Germany took the step to make it a crime to display the letter “Z” in a fashion that purports to support Russia's invasion. Russian army vehicles are distinguished with the letter “Z” and Russians both at home and abroad have shown their support for the war by displaying the letter.

On Monday, Russian Foreign Minister Sergey Lavrov accused “the collective West” of waging “a total hybrid war” on Russia.

“The goal is not hidden: to destroy the Russian economy, undermine domestic political stability and, ultimately, significantly weaken Russia, push us, as they directly state to the margins of international life,” Lavrov said.

He said the West was enacting “state banditry” as it confiscates the private property of Kremlin-linked oligarchs and seizes Russian state assets in Western banks, including its foreign currency reserves.

“This is a turning point in the historical development of civilization,” Lavrov said at a meeting of United Russia, Putin's political party.

After a trip to Europe that saw the NATO alliance showing unity in the face of Russia’s invasion, U.S. President Joe Biden found himself needing to clarify that he was not seeking regime change in Russia.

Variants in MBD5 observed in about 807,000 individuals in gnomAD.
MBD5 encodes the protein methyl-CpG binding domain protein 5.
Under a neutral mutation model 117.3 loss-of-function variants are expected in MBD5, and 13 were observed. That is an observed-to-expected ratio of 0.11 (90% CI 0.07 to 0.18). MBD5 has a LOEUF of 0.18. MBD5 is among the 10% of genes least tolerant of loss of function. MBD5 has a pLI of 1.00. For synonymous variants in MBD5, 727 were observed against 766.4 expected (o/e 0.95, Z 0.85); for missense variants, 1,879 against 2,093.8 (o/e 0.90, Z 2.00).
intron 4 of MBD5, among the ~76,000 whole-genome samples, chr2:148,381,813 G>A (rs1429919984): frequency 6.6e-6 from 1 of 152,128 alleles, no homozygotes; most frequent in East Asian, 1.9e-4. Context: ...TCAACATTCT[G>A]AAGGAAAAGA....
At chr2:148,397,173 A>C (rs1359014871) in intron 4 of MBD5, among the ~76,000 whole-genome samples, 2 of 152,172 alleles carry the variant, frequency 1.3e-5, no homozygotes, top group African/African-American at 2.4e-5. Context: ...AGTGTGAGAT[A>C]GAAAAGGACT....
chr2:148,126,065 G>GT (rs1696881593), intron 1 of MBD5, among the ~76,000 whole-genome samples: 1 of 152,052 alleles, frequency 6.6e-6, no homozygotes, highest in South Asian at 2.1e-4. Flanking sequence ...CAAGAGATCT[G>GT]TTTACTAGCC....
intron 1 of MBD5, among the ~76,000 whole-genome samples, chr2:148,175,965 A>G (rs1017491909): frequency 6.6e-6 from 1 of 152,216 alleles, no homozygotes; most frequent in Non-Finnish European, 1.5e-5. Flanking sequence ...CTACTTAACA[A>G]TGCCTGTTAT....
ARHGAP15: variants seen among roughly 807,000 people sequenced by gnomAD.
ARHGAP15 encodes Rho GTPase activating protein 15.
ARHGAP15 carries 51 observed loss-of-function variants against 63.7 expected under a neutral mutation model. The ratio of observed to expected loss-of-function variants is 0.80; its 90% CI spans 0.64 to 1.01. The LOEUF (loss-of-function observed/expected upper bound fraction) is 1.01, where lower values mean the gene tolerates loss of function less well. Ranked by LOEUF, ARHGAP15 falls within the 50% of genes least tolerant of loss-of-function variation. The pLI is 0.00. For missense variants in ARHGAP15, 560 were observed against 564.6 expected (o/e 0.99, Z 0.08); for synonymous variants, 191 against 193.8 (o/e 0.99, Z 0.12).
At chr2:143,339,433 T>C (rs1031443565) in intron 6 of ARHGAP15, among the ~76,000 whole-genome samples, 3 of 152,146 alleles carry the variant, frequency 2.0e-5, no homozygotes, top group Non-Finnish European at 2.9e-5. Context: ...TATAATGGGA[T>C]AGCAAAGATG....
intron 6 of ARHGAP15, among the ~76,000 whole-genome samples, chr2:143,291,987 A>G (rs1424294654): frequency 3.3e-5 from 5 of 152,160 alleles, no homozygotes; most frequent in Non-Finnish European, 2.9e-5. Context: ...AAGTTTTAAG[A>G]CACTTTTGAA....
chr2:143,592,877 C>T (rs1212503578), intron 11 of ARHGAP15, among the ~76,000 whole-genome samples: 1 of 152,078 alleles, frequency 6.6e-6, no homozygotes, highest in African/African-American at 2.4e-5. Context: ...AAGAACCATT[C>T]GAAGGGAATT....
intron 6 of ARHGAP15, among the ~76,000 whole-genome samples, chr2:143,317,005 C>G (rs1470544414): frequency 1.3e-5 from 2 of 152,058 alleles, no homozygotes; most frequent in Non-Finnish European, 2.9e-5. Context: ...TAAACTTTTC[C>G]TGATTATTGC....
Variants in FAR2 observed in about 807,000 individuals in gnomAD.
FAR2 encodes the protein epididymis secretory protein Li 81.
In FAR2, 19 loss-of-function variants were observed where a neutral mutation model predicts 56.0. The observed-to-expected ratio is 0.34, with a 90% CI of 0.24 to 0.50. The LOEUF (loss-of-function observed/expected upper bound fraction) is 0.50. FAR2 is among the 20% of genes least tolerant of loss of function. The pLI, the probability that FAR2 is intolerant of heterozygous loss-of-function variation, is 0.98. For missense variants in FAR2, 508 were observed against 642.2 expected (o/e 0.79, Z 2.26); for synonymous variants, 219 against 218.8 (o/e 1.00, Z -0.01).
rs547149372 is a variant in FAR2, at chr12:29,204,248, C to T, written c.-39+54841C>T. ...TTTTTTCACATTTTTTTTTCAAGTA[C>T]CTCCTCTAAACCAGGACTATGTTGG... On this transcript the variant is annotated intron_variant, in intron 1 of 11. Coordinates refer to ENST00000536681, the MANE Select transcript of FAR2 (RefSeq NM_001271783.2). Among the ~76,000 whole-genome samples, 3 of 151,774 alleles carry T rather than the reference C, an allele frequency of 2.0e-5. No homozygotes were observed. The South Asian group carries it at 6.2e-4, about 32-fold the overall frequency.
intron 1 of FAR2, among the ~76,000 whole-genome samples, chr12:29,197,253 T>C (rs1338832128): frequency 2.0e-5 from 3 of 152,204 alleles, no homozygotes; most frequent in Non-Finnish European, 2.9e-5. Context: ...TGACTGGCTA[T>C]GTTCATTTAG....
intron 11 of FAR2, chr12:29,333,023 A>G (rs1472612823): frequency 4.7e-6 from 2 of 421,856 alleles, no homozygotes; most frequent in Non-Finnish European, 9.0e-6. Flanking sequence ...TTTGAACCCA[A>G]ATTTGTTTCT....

On Saturday, Biden ended an impassioned speech in Warsaw about the Ukraine war and the barbarity of Putin’s invasion by saying that the Kremlin leader “cannot remain in power.”

It apparently was an unscripted statement, but it was immediately seen as shifting U.S. policy toward seeking Putin’s removal.

On Sunday, when asked by reporters if he was seeking regime change in Russia, Biden said, “no.” His brief reply came as he got into a presidential limousine after attending Sunday Mass.

On Monday, Biden gave a fuller answer during a news conference.

“I’m not walking anything back,” Biden said, describing how he felt upset after meeting Ukrainian refugees, including children, who had suffered because of Putin's “brutality.”

“I wasn’t then, nor am I now, articulating a policy change. I was expressing moral outrage that I felt and I make no apologies for it,” Biden said.

Courthouse News reporter Cain Burdeau is based in the European Union.